Why, though, should we adopt a framework like this? To motivate it, consider the fact that people have mutually conflicting intuitions about what the space of all (first-order) possible worlds is like. Does God exist in all, none, or only some worlds? Or consider the famous dispute between Platonists and nominalists concerning predication. Platonists think that at least some predications can be true only if objects exemplify properties, and nominalists deny this. They think that there are no properties, but that predications can still be true. For the one party, some predications essentially involve properties, and for the other none do. Platonism, if true, is necessarily true, and if false, is necessarily false. The same goes for nominalism. Either some predications essentially involve properties or none do. On the face of it, this is problematic for the view that conceivability implies possibility: Platonism and nominalism have both been believed, and by many very able philosophers at that. What is believed is conceivable in some sense, otherwise such “beliefs” would have no content. So both positions are conceivable, but only one is possible. Either way, conceivability doesn't imply possibility.

But maybe that's not quite true. Perhaps, though only one of these positions is actually true, and hence first-order possible, both views are second-order possible. So maybe conceivability does imply possibility—at some order or other. Related considerations might apply to semantic content and possibility: If we can coherently mean something, it can be the case—at some order or other.

And what is the accessibility relation itself like? Presumably it is reflexive, but is it also symmetric, or transitive? And whichever of these properties it may or may not have, could that itself have been different? Could at least some rival modal logics represent ways that first-order modality could have been?

To be clear, the claim is not just that some things which are possible or necessary might not have been so, but rather that the nature or structure of actual modality could have been different. Even if the accessibility relation is actually both symmetric and transitive, maybe it could have (second-order)  been otherwise: There is a (second-order) possible space of worlds in which it is different, where it fails to be symmetric, or transitive. We must, therefore, introduce the notion of a higher-order accessibility relation, one that in this case relates spaces of first-order worlds. The question then arises as to whether that relation is symmetric, or transitive. We can then consider third-order modalities, spaces of spaces of spaces of possible worlds, where the second-order accessibility relation differs from how it actually is. I can see no reason why there should be a limit to this hierarchy of higher-order modalities, any more than I can see a reason why there should be a limit to the hierarchy of higher-order properties.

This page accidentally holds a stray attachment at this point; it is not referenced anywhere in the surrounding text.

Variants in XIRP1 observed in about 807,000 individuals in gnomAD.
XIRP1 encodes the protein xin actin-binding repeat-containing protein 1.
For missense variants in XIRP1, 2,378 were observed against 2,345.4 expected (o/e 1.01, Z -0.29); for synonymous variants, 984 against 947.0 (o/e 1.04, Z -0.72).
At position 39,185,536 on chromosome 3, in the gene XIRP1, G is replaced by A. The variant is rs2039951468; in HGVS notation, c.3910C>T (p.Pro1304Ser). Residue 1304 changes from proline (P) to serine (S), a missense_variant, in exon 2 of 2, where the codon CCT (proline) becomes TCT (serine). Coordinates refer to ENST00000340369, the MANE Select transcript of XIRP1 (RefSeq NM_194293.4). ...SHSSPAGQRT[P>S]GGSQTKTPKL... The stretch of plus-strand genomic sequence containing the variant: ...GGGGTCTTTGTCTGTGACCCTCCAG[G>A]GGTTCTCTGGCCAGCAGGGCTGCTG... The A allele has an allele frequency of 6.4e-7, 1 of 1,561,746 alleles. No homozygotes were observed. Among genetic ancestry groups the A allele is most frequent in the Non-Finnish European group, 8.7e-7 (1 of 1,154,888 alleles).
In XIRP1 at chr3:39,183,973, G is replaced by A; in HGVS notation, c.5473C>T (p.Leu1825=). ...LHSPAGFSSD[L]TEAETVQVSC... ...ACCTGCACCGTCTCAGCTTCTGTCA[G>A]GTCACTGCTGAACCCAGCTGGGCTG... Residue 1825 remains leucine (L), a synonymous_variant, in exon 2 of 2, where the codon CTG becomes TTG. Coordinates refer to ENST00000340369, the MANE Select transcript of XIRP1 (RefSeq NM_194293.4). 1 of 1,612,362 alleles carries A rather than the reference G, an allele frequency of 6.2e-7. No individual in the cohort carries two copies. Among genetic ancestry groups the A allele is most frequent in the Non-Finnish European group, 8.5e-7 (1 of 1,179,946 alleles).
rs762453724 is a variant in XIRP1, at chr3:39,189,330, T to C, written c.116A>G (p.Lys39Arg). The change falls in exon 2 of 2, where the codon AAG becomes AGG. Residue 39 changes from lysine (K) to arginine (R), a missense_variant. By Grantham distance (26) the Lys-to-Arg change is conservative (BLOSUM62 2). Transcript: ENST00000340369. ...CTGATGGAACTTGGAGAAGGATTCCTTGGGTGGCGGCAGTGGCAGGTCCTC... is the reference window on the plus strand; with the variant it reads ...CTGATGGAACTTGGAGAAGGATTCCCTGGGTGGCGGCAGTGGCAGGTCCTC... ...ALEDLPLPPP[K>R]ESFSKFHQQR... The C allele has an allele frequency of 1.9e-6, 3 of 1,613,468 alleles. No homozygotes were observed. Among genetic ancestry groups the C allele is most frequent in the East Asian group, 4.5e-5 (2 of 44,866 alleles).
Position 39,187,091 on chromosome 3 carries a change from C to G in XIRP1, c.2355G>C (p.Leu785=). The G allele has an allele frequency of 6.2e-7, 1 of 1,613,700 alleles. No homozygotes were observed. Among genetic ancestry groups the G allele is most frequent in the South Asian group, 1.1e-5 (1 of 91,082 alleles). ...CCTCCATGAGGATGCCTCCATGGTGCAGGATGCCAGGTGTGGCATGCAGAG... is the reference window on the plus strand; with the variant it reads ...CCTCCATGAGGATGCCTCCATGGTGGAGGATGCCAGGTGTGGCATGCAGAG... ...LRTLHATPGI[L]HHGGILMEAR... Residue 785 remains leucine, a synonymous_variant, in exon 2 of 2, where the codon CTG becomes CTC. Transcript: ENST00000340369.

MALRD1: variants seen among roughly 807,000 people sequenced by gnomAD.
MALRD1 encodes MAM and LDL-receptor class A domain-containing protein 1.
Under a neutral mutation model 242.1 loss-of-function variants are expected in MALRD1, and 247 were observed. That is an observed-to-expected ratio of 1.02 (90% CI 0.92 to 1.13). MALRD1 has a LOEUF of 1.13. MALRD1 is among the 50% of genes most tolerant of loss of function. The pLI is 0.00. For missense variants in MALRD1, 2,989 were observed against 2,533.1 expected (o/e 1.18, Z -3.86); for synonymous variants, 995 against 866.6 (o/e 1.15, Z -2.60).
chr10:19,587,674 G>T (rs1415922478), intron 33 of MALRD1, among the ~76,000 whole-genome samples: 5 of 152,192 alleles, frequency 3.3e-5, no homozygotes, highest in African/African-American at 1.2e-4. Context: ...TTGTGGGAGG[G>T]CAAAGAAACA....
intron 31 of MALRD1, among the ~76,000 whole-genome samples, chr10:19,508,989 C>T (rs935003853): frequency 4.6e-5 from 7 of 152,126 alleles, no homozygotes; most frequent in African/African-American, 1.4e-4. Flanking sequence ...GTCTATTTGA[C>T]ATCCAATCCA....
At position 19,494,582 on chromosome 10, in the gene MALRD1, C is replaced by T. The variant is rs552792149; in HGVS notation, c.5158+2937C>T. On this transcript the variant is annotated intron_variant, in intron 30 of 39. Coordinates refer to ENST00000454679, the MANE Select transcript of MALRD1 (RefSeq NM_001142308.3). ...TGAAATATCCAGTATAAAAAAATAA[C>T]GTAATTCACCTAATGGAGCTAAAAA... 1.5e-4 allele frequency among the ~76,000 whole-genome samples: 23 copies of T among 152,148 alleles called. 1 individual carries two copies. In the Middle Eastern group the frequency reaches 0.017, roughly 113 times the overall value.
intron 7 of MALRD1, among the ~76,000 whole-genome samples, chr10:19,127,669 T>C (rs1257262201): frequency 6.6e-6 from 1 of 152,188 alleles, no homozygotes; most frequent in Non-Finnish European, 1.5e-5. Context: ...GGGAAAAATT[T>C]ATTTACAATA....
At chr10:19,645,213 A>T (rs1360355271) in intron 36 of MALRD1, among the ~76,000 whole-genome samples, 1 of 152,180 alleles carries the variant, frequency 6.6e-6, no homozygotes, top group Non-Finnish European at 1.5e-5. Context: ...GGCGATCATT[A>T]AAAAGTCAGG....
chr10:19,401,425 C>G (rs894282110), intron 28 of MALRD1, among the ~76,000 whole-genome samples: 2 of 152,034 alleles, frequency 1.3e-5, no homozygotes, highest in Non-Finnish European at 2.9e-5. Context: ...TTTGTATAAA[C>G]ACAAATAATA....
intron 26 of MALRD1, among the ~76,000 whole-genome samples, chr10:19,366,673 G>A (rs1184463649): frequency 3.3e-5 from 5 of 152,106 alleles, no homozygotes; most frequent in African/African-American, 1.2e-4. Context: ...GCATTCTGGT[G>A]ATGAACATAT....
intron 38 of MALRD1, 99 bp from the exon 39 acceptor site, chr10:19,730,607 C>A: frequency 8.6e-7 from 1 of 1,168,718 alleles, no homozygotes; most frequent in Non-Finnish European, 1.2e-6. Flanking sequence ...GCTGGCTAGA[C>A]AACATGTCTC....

The accessibility relation is not the only thing that might be thought to vary between spaces of worlds: Perhaps the contents of the spaces can vary as well. While I presume that the contents of the worlds themselves remain constant—it makes doubtful sense to suppose that in one space an object o exists in w_1 and in another space o doesn't exist in w_1—we may suppose that the spaces differ as to which worlds they contain. Thus we might have a higher-order analogue of a variable-domain modal logic.

I do not expect this kind of framework to settle the issue of how modality at any order actually is—no more than I expect ordinary first-order modal logic to settle (aside from first-order necessary truths) what is actually the case. What goes for the actual world goes for the actual space of worlds, and for all higher-order spaces of spaces. What I do hope for is that it will, if it proves to be coherent, help to clarify the terms of the debate about the way modality is—to help us to state the issues, and to see their interrelations, as clearly as we can.

I think that's enough for this time. I'll leave the further development of such a framework for another occasion--or occasions—provided that you, my readers, think it merits further development.